Prime Minister Mariano Rajoy will accept discussing reforms to Spain’s 1978 Constitution if he wins a second term in office in the December 20 general election.
Speaking in the Navarrese capital of Pamplona on Thursday to renew the PP’s alliance with the regional Navarrese People’s Union (UPN) party, Rajoy made his first clear reference to constitutional change by promising to work to eliminate an item hypothetically allowing Navarre to merge with the Basque Country – a long-held dream of radical Basque nationalists.
Labor union leaders have also asked for a congressional session on constitutional reform, an idea that Rajoy finds “sensible” and “necessary”
Earlier in the week, Rajoy said that other possible changes would include specifying the official names of Spain’s regions, setting down in the Constitution that European Union legislation affects Spain, and altering the rules to the succession of the throne to ensure that male royals do not have precedence over females.
He also said that territorial issues would have to be addressed, without specifying which.
The decision represents a major shift in attitude for the Popular Party (PP) leader, who until recently had refused to consider the opposition’s calls for constitutional reform.
It also comes at a time when Spain’s laws are being challenged by Catalan separatists. On Monday, the latter will use their majority in the Catalan parliament to pass a motion declaring the beginning of the process to create an independent republic in the northeastern region.
This motion also calls for overt disobedience of Spain’s Constitutional Court if it should rule against the independence process in any way.
Since then, Rajoy has been in talks with the heads of the main opposition parties to discuss ways of dealing with the challenge. At the meetings, Rajoy heard renewed demands to tweak a charter that marked Spain’s transition from a dictatorship to a democracy.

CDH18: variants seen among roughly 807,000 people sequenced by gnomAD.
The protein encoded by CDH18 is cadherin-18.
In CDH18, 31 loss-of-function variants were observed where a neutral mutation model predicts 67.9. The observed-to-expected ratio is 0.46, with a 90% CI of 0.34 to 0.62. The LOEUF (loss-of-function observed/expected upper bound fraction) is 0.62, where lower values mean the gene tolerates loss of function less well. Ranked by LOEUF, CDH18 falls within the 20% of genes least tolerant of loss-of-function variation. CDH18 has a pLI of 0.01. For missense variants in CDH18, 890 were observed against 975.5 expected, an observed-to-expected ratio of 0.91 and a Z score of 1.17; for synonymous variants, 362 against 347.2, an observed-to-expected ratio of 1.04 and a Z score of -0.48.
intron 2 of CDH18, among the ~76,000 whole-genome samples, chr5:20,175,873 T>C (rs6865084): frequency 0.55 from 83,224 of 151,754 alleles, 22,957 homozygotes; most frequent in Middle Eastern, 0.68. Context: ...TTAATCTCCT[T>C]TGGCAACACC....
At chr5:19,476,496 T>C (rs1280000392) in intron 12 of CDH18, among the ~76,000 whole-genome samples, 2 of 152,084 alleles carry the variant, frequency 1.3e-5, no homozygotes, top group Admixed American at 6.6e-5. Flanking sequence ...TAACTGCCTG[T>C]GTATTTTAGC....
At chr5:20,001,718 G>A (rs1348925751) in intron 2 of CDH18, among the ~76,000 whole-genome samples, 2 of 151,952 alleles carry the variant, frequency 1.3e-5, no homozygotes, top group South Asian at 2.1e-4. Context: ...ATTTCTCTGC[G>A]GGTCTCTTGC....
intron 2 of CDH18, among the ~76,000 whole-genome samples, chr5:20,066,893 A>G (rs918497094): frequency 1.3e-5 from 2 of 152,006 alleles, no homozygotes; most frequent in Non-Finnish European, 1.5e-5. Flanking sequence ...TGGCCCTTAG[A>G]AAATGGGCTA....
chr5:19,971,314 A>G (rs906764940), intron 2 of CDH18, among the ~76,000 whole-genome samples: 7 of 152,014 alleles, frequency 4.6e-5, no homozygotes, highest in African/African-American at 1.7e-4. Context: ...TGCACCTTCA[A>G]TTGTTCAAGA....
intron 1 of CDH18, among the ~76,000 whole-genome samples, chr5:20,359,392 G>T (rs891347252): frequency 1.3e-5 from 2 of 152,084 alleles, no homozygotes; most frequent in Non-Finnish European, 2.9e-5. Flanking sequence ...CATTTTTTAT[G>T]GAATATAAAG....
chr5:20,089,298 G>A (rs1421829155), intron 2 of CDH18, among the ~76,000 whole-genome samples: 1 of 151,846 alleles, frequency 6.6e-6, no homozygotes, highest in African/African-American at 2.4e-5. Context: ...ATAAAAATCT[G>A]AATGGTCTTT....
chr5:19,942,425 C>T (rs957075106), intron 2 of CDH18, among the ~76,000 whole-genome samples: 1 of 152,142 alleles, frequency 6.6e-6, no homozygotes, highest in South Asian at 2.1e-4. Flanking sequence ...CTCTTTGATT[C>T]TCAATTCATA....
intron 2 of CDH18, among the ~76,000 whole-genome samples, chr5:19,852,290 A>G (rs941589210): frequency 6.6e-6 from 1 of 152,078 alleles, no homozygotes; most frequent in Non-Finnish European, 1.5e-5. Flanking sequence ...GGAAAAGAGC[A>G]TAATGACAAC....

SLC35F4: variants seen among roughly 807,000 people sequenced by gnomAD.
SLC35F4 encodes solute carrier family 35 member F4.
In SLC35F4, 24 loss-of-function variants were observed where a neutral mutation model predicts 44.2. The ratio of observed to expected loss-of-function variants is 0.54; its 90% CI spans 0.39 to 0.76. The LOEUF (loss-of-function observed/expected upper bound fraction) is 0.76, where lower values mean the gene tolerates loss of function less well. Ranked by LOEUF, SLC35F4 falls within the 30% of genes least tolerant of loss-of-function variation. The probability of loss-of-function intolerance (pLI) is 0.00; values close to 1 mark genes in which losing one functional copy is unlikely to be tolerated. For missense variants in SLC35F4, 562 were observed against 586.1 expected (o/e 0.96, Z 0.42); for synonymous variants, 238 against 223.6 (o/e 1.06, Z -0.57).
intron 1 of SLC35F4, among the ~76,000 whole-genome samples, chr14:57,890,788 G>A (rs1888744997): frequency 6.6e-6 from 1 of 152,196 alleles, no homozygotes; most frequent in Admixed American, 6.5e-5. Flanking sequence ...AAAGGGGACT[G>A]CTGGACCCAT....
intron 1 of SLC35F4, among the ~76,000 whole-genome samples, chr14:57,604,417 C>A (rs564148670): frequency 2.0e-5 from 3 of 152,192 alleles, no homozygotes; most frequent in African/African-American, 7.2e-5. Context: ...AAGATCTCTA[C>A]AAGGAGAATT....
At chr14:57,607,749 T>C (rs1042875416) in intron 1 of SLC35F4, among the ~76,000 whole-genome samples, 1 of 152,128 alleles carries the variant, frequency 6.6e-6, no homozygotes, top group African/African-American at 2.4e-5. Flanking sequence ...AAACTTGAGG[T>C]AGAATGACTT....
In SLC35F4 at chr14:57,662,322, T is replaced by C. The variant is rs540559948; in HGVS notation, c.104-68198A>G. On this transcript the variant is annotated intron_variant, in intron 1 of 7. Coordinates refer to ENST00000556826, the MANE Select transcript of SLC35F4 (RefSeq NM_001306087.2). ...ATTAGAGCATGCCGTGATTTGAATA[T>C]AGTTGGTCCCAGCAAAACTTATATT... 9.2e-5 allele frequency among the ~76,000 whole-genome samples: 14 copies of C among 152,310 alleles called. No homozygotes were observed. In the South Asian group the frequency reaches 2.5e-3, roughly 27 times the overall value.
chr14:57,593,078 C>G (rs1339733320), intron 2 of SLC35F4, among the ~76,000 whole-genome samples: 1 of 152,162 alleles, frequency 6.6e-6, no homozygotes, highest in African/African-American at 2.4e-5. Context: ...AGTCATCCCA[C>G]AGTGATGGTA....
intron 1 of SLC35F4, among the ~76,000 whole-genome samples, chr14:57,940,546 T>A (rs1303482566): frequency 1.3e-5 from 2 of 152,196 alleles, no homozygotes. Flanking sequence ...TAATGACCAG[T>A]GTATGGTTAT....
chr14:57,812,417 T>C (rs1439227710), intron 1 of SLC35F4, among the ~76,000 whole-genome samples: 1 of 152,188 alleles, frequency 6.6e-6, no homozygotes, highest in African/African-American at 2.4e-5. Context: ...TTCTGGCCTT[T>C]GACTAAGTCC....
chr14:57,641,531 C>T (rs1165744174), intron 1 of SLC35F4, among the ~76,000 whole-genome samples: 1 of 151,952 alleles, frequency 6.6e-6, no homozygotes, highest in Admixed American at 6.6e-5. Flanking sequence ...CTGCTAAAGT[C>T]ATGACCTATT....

For decades, the 1978 Constitution was viewed as virtually untouchable by all parties, as it was the result of political consensus following the death of Francisco Franco, and a symbol of national reconciliation. It has only been amended twice since then.
But the Socialist Party (PSOE) and the emerging Ciudadanos (C’s) – which is now the second-largest force in the Catalan parliament and placing third in voting intention polls for the general election – believe that the time for real change has come.
Two amendments since 1978
Since 1978, the Spanish Constitution has only been amended twice, both times because of external pressure from the European Union.
The first amendment was adopted in 1992 with unanimous support from all groups in parliament; it allowed European citizens to vote and run for office in municipal elections.
The second change, in 2011, was much more controversial; it raised the principle of budget stability into a constitutional mandate after virtually no public debate.
Labor union leaders have also asked for a congressional session on constitutional reform, an idea that Rajoy now finds “sensible” and “necessary.”
But Rajoy has pointed out ironically that his political adversaries all have varying approaches to constitutional reform: Podemos and United Left (IU), he said on Wednesday, want changes that would help break up Spain; Ciudadanos and Union, Progress and Democracy (UPyD) want to re-centralize power, while the Socialists support a loose state model that they have yet to explain in detail.
As for the PP, no specific changes to Spain’s bill of rights have been included in its election program.
With voting intention polls showing his PP winning a narrow majority on December 20, Rajoy is aware that he will very probably need the support of a second party to pass legislation over the next four years. And all the opposition parties want to change the Constitution.
English version by Susana Urra.